27 October 2014 09:00 – 17:00
The use of technology to engage citizens with well-being statistics is a relatively new area, and the purpose of this workshop is to explore experiences and best practices from national statistics offices and governments.
The use of technology to engage citizens with well-being statistics is a relatively new area, and the purpose of this workshop is to explore experiences and best practices from national statistis offices and government. While technology offers a great potential to involve the public in well-being measurement, there are also challenges – such as sampling issues with crowd sourced data – and the workshops will provide an opportunity to scope out both the limitations as well as the potential of different methods. The findings from the workshop will be made available in a summary report, as well as live webcasts of the sessions being made available on the Wikiprogress website
“A critical factor is the need for wider civil society to also hold Government to account. What we choose to measure defines what is important, and what Government focuses its effort on. If we want Government to be more ambitious and focus on delivery of well-being, wider open and public discussion will be crucial” Stiglitz-Sen-Fitoussi report, 2009
Finding ways to get citizens and communities more involved in the development and use of well-being statistics is an important objective for data producers wanting to maximise the policy impact and relevance of improved measures. Many national and local initiatives are recognising this by consulting with the public when developing measurement frameworks and selecting indicators. Many of these consultations are through face-to-face events and surveys, and these methods can be highly effective. However, interactive technology and web platforms allow the possibility to reach out to a much wider audience, and to engage citizens in a number of different ways beyond consultation.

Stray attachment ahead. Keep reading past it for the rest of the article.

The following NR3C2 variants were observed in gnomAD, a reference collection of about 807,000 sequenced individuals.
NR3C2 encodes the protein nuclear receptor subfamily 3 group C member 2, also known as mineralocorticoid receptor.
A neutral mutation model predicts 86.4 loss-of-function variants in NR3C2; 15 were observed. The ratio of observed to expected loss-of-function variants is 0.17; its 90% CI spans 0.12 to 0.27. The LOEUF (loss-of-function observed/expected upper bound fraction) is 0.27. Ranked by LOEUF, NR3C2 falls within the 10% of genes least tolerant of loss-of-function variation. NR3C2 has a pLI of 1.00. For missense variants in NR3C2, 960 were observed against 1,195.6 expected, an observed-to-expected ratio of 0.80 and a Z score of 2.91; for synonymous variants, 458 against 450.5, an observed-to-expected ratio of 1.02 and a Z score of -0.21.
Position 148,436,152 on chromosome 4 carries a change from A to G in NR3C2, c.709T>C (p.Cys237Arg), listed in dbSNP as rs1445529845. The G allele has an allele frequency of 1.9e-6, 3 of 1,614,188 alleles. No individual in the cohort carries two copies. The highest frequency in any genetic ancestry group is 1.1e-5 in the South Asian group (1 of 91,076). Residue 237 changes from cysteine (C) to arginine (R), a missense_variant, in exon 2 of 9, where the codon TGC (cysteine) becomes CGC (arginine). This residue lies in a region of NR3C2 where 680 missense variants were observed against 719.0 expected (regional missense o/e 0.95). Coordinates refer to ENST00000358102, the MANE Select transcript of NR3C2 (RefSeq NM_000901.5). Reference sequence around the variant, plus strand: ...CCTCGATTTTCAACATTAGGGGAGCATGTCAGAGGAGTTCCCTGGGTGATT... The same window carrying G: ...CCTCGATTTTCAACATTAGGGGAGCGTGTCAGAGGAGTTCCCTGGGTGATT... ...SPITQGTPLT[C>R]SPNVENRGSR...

-To include people in the development of well-being frameworks (e.g. through online consultation tools and social media)
-To engage people in the findings and analysis of well-being indicators (e.g. through interactive data visualisation tools)
-To engage citizens as data interpreters (e.g. through government open data initiatives, or through the ‘civic tech’ movement)
-To engage citizens as data producers themselves (e.g. through technology that allows for the crowdsourcing of well-being data using GIS or self-reporting such as ‘Mappiness’, and through the gathering of well being preferences on the OECD Better Life Index)
This is the second of two workshop that will focus on the use of digital technology to engage citizen with well-being data and statistics. The first workshop took place on 18 September 2014 and explored perspectives from civil society and academia, to see presentations and film, click here.
Prior to joining the RACE broadband activities of the European Commission, Dr Anania received a PhD from MIT with a thesis on Networks in the Information society.
Is Senior Statistician at Istat is Head of the “R&D Projects” Unit in the Directorate of Development of Information Systems and Corporate Products, Information Management and Quality Assessment.
Has 11 years’ experience at the OECD, working in the Public Affairs and Communications directorate as a campaign manager, and since 2008 in the Statistics Directorate as a researcher working on issues of progress and well-being.
This workshop is by invitation only, if you are interested in attending please contact: Salema.GULBAHAR@oecd.org OR email@example.com.
For further information and to watch the live webcast, visit the website.